She was hired to teach earth science and biology in the little southern town of Edenton, however, between the southern culture and the destruction of hurricane Isabel, Susan was ready to move on. Lily had graduated and Susan returned to Crested Butte in 2004 as a full-time resident, with Chloe enrolled as a sophomore at the CB Academy and Bill moved to Florida. “What skiing and sailing have brought to me is that you have to be flexible and adaptable, you have to be able to pivot and change course, but perseverance and being present is half of it,” Susan felt of her changes.

Lily, who had been having emotional issues all through high school and college was diagnosed as schizophrenic. “She had been hearing voices. It was horrible. It’s a severe mental illness. To have someone that you love fall apart is unbelievable. I didn’t want to believe it. I went to the National Alliance for Mentally Ill, there were all these people with horrible stories and I thought, how do reasonable people cope? You can’t give up on people. The changes of waves and mountains of sailing and skiing is nothing compared to the challenges of the journey of a severe illness.” Lily’s learned how to cope with her mental illness but she still needs so much support, Susan says. Lily now lives in an assisted living facility in Grand Junction.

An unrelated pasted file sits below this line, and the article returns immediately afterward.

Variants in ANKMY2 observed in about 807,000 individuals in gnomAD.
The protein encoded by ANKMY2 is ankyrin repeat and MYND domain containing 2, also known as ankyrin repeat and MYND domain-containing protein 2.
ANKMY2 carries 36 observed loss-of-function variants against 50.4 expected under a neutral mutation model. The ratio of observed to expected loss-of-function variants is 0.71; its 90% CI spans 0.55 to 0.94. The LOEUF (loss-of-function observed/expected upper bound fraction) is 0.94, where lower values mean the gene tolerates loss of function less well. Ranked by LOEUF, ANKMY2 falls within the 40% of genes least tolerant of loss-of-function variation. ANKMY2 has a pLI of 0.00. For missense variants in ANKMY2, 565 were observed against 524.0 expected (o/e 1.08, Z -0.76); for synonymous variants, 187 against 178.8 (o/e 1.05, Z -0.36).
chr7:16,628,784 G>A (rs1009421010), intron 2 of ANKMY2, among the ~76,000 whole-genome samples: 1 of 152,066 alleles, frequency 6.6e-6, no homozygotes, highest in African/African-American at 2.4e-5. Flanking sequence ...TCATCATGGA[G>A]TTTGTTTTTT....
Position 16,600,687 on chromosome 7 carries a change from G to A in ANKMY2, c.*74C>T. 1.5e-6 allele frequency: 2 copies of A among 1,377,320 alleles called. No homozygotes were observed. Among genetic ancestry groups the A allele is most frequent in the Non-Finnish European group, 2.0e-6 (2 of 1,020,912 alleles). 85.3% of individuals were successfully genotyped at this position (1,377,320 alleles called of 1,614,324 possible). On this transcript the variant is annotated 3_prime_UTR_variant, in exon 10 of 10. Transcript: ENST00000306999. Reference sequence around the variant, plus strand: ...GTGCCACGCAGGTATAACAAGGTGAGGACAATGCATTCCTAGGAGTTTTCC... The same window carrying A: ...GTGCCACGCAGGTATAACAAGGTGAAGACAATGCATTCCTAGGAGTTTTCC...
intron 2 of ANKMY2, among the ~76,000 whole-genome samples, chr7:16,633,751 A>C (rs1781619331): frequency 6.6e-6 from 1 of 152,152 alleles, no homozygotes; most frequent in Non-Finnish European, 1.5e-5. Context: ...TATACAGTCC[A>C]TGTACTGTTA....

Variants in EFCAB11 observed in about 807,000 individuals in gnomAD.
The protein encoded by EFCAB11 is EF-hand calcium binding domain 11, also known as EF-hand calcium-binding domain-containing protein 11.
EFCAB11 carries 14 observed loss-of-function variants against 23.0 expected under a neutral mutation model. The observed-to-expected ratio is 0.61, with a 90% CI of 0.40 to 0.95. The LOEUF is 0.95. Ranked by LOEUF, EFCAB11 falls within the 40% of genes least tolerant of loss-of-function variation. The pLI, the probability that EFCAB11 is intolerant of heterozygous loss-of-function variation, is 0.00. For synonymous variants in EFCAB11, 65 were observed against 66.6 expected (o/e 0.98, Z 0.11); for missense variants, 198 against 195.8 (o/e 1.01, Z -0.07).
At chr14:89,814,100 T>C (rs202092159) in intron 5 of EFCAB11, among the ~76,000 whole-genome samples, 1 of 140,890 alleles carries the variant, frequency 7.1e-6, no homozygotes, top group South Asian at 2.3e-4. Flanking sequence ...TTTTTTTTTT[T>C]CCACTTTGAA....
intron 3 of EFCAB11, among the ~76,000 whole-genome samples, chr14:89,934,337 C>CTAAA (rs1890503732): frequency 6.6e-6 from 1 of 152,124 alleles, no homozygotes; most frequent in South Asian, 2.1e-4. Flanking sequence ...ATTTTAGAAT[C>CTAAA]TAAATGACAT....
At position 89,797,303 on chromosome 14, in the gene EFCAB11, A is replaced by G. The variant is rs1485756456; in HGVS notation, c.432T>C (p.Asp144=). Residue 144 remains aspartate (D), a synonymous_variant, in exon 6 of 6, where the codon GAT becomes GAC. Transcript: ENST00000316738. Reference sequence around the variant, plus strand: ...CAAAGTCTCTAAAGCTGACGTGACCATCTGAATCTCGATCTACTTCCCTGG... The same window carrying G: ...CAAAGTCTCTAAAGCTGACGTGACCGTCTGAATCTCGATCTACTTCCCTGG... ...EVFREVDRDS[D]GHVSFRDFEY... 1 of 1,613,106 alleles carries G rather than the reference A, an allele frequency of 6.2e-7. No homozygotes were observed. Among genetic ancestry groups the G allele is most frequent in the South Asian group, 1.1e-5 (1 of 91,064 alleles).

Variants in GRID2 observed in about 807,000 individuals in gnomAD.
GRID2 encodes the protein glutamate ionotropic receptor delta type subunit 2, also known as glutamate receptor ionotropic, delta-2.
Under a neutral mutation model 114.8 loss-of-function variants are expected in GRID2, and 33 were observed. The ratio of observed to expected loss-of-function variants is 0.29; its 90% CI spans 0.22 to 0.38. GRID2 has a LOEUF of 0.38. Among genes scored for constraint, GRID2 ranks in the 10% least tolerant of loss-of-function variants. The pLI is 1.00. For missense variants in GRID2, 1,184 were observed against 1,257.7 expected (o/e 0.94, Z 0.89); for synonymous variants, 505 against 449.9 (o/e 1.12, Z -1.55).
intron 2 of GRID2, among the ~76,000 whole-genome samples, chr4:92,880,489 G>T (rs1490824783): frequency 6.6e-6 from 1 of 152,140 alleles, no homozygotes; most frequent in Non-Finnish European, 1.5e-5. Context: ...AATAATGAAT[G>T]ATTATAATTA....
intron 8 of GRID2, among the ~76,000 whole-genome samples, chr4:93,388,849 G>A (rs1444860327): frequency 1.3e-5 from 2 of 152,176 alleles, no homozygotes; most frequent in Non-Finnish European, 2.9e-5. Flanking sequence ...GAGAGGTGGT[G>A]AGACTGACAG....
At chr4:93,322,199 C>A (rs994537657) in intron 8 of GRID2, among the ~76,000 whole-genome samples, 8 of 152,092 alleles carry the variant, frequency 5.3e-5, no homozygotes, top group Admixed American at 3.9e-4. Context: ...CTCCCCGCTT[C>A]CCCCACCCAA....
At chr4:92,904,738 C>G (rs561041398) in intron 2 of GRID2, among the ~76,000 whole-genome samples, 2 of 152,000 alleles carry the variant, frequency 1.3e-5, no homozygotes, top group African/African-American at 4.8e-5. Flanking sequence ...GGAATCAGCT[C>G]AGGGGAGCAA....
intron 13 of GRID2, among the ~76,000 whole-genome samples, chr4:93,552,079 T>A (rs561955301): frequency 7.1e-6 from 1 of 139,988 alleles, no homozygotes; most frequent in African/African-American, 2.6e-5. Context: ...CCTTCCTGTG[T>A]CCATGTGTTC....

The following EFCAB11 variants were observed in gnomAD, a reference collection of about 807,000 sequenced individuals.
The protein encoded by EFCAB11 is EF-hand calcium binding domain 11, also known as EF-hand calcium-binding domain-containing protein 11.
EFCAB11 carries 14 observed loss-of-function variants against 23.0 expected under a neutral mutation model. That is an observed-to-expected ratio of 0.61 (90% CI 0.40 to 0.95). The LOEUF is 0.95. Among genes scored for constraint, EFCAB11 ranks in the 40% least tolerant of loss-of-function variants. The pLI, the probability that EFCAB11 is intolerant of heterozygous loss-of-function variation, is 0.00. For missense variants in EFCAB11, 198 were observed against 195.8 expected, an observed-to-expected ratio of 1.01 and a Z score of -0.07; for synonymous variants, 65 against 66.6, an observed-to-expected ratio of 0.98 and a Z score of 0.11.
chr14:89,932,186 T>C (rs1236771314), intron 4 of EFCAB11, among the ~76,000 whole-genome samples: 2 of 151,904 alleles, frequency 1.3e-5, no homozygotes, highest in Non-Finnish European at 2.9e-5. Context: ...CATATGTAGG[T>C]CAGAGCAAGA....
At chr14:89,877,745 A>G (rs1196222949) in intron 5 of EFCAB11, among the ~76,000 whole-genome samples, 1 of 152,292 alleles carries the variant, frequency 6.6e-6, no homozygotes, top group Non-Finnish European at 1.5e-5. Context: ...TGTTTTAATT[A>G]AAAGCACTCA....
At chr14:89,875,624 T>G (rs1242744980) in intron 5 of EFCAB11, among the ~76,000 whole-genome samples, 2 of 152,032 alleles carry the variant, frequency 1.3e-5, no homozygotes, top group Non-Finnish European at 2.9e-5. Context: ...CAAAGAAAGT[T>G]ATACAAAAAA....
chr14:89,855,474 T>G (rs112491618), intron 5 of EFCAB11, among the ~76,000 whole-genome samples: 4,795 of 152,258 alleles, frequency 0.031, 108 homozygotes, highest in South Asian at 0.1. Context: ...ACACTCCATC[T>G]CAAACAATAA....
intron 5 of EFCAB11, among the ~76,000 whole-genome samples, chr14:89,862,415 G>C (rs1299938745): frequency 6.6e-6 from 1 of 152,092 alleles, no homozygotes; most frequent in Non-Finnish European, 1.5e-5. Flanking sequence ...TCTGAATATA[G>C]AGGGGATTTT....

For the past decade, Susan has managed long and short-term rentals, “I have strong feelings about housing. In tumultuous times, having sanctuary is important. I still like finding housing for locals, people who work in local restaurants and teach skiing. I do have a handful of vacation rentals, the extended Crested Butte family who typically have been coming for years and consider CB their second home. I’ve seen kids grow up, go to college and come back with their spouses. I’d guess the flip side of earning a living from housing is to volunteer to help create decent homes for those who need a little help in the valley,” she says of her work with Valley Housing Fund (valleyhousingfund.org). My dream is to build housing where people could age in place among their friends and family. No one plans to get old, or injured, or sick, but it will happen to all of us, and that’s why I’d like to see housing designed to not only fit in architecturally, but with universal design for accessibility.”

Susan also volunteers with Adaptive, “Having the Adaptive Sports Center as a central part of our local scene is a shining light for inclusiveness. Volunteering with this group for a couple years really opened my heart, to shed the shame of illness and injury and move to adapting to a new reality to continue living our best lives when Lily became ill.”

Susan feels she’s had a lot of opportunity to do many different things. “I coached skiing, wrote for the different local newspapers, volunteered for CBMR guest services, worked for the Nordic Center, started the Trails Commission and was on the town planning board. CB gives you the opportunity to learn to do anything you want to do. That’s who we are — it’s the people, the community and the setting.”